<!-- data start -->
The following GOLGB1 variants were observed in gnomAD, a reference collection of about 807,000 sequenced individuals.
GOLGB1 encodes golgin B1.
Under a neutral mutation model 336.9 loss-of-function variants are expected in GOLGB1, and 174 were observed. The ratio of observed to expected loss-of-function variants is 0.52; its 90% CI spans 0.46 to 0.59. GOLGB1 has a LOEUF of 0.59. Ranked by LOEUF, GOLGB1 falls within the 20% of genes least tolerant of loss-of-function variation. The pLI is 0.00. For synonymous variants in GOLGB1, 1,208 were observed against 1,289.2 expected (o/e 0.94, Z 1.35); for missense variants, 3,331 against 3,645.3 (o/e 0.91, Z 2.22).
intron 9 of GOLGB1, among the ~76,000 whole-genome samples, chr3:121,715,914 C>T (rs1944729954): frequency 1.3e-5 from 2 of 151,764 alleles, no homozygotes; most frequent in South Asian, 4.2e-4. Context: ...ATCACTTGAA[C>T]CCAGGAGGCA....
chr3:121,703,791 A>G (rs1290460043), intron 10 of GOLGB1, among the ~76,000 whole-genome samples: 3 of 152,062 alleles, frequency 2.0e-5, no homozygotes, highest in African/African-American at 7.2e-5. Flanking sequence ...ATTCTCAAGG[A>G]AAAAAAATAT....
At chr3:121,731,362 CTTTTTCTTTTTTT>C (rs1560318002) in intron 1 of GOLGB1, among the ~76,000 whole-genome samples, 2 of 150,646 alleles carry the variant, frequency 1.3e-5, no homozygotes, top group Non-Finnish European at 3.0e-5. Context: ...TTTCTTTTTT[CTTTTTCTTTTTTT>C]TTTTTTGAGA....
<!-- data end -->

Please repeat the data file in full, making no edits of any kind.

The following GOLGB1 variants were observed in gnomAD, a reference collection of about 807,000 sequenced individuals.
GOLGB1 encodes golgin B1.
Under a neutral mutation model 336.9 loss-of-function variants are expected in GOLGB1, and 174 were observed. The ratio of observed to expected loss-of-function variants is 0.52; its 90% CI spans 0.46 to 0.59. GOLGB1 has a LOEUF of 0.59. Ranked by LOEUF, GOLGB1 falls within the 20% of genes least tolerant of loss-of-function variation. The pLI is 0.00. For synonymous variants in GOLGB1, 1,208 were observed against 1,289.2 expected (o/e 0.94, Z 1.35); for missense variants, 3,331 against 3,645.3 (o/e 0.91, Z 2.22).
intron 9 of GOLGB1, among the ~76,000 whole-genome samples, chr3:121,715,914 C>T (rs1944729954): frequency 1.3e-5 from 2 of 151,764 alleles, no homozygotes; most frequent in South Asian, 4.2e-4. Context: ...ATCACTTGAA[C>T]CCAGGAGGCA....
chr3:121,703,791 A>G (rs1290460043), intron 10 of GOLGB1, among the ~76,000 whole-genome samples: 3 of 152,062 alleles, frequency 2.0e-5, no homozygotes, highest in African/African-American at 7.2e-5. Flanking sequence ...ATTCTCAAGG[A>G]AAAAAAATAT....
At chr3:121,731,362 CTTTTTCTTTTTTT>C (rs1560318002) in intron 1 of GOLGB1, among the ~76,000 whole-genome samples, 2 of 150,646 alleles carry the variant, frequency 1.3e-5, no homozygotes, top group Non-Finnish European at 3.0e-5. Context: ...TTTCTTTTTT[CTTTTTCTTTTTTT>C]TTTTTTGAGA....